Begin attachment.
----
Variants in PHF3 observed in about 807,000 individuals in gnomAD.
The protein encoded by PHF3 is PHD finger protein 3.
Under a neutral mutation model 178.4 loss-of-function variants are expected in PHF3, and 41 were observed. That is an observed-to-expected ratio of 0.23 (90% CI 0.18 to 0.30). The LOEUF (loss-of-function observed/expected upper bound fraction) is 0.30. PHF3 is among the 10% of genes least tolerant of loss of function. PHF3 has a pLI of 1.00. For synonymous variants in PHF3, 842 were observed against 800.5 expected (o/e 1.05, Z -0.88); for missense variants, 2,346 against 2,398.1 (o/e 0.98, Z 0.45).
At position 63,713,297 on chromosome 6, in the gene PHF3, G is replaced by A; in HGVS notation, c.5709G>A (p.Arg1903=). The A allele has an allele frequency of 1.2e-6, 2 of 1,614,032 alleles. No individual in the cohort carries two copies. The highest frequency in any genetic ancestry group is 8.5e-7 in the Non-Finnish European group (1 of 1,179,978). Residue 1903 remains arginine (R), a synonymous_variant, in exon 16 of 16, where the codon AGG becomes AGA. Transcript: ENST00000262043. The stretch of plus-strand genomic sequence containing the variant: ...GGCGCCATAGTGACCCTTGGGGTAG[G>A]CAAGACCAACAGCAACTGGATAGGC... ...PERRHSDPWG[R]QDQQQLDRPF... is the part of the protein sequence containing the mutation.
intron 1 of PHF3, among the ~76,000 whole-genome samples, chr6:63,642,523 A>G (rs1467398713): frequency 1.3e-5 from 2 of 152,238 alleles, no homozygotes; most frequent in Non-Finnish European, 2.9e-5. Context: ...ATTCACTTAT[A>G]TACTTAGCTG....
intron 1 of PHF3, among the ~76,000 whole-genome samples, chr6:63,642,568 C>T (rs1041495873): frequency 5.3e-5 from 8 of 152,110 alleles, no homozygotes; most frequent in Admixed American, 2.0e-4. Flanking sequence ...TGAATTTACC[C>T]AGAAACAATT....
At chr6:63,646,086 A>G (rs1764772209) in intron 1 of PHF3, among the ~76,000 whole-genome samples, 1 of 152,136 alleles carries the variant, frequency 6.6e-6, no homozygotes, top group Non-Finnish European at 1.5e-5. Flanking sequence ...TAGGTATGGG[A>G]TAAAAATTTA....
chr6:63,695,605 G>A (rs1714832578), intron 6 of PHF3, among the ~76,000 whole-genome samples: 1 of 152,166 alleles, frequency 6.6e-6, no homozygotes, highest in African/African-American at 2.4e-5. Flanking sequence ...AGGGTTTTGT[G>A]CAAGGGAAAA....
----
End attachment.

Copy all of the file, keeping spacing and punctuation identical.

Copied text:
Variants in PHF3 observed in about 807,000 individuals in gnomAD.
The protein encoded by PHF3 is PHD finger protein 3.
Under a neutral mutation model 178.4 loss-of-function variants are expected in PHF3, and 41 were observed. That is an observed-to-expected ratio of 0.23 (90% CI 0.18 to 0.30). The LOEUF (loss-of-function observed/expected upper bound fraction) is 0.30. PHF3 is among the 10% of genes least tolerant of loss of function. PHF3 has a pLI of 1.00. For synonymous variants in PHF3, 842 were observed against 800.5 expected (o/e 1.05, Z -0.88); for missense variants, 2,346 against 2,398.1 (o/e 0.98, Z 0.45).
At position 63,713,297 on chromosome 6, in the gene PHF3, G is replaced by A; in HGVS notation, c.5709G>A (p.Arg1903=). The A allele has an allele frequency of 1.2e-6, 2 of 1,614,032 alleles. No individual in the cohort carries two copies. The highest frequency in any genetic ancestry group is 8.5e-7 in the Non-Finnish European group (1 of 1,179,978). Residue 1903 remains arginine (R), a synonymous_variant, in exon 16 of 16, where the codon AGG becomes AGA. Transcript: ENST00000262043. The stretch of plus-strand genomic sequence containing the variant: ...GGCGCCATAGTGACCCTTGGGGTAG[G>A]CAAGACCAACAGCAACTGGATAGGC... ...PERRHSDPWG[R]QDQQQLDRPF... is the part of the protein sequence containing the mutation.
intron 1 of PHF3, among the ~76,000 whole-genome samples, chr6:63,642,523 A>G (rs1467398713): frequency 1.3e-5 from 2 of 152,238 alleles, no homozygotes; most frequent in Non-Finnish European, 2.9e-5. Context: ...ATTCACTTAT[A>G]TACTTAGCTG....
intron 1 of PHF3, among the ~76,000 whole-genome samples, chr6:63,642,568 C>T (rs1041495873): frequency 5.3e-5 from 8 of 152,110 alleles, no homozygotes; most frequent in Admixed American, 2.0e-4. Flanking sequence ...TGAATTTACC[C>T]AGAAACAATT....
At chr6:63,646,086 A>G (rs1764772209) in intron 1 of PHF3, among the ~76,000 whole-genome samples, 1 of 152,136 alleles carries the variant, frequency 6.6e-6, no homozygotes, top group Non-Finnish European at 1.5e-5. Flanking sequence ...TAGGTATGGG[A>G]TAAAAATTTA....
chr6:63,695,605 G>A (rs1714832578), intron 6 of PHF3, among the ~76,000 whole-genome samples: 1 of 152,166 alleles, frequency 6.6e-6, no homozygotes, highest in African/African-American at 2.4e-5. Flanking sequence ...AGGGTTTTGT[G>A]CAAGGGAAAA....